May 23, 2007
Tiktaalik was described as a missing link
A genetic study has shed light on the mystery of how fish made the move from water to land millions of years ago.
Previous research had suggested that fish had made an abrupt genetic jump to acquire land-friendly limbs.
But a US team has now shown this event was not an evolutionary novelty and the transition was far more gradual.
The study, published in the journal Nature, follows the recent discovery of a fossil described as showing the "missing link" between fins and limbs.
In 2004, the fossilised remains of the Tiktaalik roseae revealed an animal with fins that were equipped for a life in the water but also for support on land.
The crocodile-like creature, which lived about 380 million years ago, was said to "blur the distinctions" between land- and water-dwelling animals.
Marcus Davis, lead researcher of the paper and a scientist at the University of Chicago, said: "The Tiktaalik and other recent fossil finds suggested to us that the structures that really make land animals unique - hands and feet and fingers and toes - just didn't appear out of nowhere."
However, he said, this was in contrast to evidence seen in previous genetic studies, which suggested an abrupt transition from fins to limbs.
These studies focussed on the Hox genes, which play a vital role in limb development.
Scientists had looked at the expression of the genes in the developing limbs of land animals (tetrapods) and the developing fins of zebrafish, which are often used in embryological studies.
Dr Davis said: "In tetrapods, these studies showed that there were these two separate phases of Hox genes that turn on within the developing appendage. Early in the development there is the first phase, and then there is a second very characteristic phase which plays a role in where fingers and toes form.
"But if you look at a zebrafish during development, it has the first phase, but it doesn't have this second hallmark phase.
"Based on this, the hypothesis was that the second phase of Hox expression must be a developmental and evolutionary novelty that correlated with the origin of hands and feet."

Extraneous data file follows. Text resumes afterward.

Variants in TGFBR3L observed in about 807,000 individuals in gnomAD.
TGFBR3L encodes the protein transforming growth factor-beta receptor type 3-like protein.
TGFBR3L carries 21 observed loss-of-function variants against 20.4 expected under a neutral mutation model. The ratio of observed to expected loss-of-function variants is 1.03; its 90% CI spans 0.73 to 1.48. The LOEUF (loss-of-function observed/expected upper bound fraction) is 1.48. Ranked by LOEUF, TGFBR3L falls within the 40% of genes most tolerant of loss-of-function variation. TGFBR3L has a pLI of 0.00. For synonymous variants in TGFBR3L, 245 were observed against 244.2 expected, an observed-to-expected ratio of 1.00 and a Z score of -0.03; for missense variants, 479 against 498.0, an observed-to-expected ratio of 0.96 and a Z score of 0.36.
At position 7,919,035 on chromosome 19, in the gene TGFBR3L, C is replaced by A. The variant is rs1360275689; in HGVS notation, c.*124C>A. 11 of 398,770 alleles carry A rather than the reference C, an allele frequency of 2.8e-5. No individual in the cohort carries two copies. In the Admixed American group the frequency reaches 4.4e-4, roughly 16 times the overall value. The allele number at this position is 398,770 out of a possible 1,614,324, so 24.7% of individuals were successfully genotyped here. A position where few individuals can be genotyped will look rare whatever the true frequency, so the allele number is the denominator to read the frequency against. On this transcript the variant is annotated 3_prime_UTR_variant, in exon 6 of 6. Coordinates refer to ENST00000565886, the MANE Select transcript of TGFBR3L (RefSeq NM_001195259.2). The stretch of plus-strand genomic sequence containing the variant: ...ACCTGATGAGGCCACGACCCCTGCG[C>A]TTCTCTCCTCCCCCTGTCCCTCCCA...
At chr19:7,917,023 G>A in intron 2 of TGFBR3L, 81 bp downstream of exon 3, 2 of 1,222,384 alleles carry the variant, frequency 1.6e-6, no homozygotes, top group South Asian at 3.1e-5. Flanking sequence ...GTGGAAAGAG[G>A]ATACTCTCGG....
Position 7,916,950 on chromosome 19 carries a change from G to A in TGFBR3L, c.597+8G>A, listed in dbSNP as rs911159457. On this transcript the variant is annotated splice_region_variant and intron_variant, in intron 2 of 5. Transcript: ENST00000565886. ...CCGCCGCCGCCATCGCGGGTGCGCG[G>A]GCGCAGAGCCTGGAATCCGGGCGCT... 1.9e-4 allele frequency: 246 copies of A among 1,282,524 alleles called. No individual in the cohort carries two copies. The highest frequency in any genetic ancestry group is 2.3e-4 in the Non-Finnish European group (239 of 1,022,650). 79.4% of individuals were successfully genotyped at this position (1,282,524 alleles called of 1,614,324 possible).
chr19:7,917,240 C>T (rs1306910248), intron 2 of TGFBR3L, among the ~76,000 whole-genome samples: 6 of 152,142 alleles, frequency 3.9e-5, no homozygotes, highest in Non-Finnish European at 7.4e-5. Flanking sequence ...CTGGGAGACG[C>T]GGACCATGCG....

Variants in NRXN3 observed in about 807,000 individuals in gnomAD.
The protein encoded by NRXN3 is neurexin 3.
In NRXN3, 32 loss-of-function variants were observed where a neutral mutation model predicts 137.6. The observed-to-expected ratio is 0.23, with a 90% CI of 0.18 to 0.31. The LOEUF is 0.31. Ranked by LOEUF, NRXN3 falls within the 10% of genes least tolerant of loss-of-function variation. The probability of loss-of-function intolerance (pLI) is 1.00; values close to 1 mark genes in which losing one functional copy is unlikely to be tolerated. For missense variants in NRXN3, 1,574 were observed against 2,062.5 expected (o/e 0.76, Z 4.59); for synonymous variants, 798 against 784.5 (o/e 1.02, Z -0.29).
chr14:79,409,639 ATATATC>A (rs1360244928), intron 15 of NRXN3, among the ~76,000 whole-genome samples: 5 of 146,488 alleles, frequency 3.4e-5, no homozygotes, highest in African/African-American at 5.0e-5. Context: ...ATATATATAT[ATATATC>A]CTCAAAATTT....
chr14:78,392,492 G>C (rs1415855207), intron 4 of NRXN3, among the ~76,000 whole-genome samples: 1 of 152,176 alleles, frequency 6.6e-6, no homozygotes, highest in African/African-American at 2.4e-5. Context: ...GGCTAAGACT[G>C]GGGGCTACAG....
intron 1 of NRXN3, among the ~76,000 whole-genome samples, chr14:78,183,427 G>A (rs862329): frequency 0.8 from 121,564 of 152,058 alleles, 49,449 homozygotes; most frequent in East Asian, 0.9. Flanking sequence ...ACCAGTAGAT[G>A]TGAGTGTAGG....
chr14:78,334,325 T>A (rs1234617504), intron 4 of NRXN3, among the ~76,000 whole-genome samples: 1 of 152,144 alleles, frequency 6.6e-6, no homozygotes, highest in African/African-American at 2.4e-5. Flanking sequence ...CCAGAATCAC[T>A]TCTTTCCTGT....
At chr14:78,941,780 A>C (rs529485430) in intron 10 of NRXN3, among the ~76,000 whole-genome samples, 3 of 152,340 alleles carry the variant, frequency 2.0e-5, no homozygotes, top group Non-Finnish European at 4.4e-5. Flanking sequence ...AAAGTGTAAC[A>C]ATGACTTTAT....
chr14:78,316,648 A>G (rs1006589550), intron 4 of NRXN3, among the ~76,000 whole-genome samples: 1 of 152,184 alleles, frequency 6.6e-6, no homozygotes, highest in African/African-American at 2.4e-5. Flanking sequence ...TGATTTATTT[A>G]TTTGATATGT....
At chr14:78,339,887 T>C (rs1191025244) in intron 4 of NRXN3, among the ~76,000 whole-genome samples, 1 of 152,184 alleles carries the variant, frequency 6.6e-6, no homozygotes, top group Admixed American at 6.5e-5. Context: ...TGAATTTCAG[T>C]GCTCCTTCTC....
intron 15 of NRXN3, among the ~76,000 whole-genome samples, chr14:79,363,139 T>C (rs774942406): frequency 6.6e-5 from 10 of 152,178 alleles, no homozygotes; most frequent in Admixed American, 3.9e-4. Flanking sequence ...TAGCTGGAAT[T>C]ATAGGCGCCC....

However, Dr Davis and his colleagues decided to repeat the studies - but this time using paddlefish, which have a fin pattern similar to primitive fish.
He said: "We found a very clear second phase in their fins - and this tells us that the second key phase of Hox-expression is in fact a much more ancient pattern of development.
"It seems that some fish have always had this genetic toolkit to modify their fins - it just seems like tetrapods have modified it in this unique and elaborate way."
The reason why some of these primitive fish went on to become land-living animals while others remained in the water was most probably influenced by their environment, explained Dr Davis.
A change to the ecosystem from deep water to shallow streams may have driven some fish to make use of their genetic limb-building capability.
Dr Davis said the study was also interesting because it revealed that zebrafish were the "weirdos of the bunch".
He said: "They have done something very unique - they appear to have lost the second phase of Hox expression altogether."
Jennifer Clack, professor of vertebrate palaeontology at Cambridge University, said: "This is a really big step forward. I think we are going to find a number of similar patterns emerging in other fish in the future."